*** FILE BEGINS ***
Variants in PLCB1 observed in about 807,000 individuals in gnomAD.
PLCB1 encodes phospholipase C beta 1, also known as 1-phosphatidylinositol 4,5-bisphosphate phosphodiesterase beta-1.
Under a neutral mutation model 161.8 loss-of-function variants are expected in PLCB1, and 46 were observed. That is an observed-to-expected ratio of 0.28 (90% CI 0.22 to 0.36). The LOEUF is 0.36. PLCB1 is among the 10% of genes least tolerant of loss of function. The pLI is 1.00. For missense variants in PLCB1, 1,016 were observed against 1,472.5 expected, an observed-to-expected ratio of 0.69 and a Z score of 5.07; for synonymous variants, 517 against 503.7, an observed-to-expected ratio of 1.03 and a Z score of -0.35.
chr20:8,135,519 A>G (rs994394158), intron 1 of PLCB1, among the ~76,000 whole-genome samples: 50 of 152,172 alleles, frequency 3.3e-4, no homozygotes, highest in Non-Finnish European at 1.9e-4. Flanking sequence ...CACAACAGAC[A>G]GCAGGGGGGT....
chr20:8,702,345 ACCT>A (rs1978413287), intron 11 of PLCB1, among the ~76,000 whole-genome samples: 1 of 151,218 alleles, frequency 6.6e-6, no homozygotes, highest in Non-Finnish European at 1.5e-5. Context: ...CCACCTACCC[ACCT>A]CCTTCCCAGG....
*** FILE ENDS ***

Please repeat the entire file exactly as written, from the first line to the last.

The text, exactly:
Variants in PLCB1 observed in about 807,000 individuals in gnomAD.
PLCB1 encodes phospholipase C beta 1, also known as 1-phosphatidylinositol 4,5-bisphosphate phosphodiesterase beta-1.
Under a neutral mutation model 161.8 loss-of-function variants are expected in PLCB1, and 46 were observed. That is an observed-to-expected ratio of 0.28 (90% CI 0.22 to 0.36). The LOEUF is 0.36. PLCB1 is among the 10% of genes least tolerant of loss of function. The pLI is 1.00. For missense variants in PLCB1, 1,016 were observed against 1,472.5 expected, an observed-to-expected ratio of 0.69 and a Z score of 5.07; for synonymous variants, 517 against 503.7, an observed-to-expected ratio of 1.03 and a Z score of -0.35.
chr20:8,135,519 A>G (rs994394158), intron 1 of PLCB1, among the ~76,000 whole-genome samples: 50 of 152,172 alleles, frequency 3.3e-4, no homozygotes, highest in Non-Finnish European at 1.9e-4. Flanking sequence ...CACAACAGAC[A>G]GCAGGGGGGT....
chr20:8,702,345 ACCT>A (rs1978413287), intron 11 of PLCB1, among the ~76,000 whole-genome samples: 1 of 151,218 alleles, frequency 6.6e-6, no homozygotes, highest in Non-Finnish European at 1.5e-5. Context: ...CCACCTACCC[ACCT>A]CCTTCCCAGG....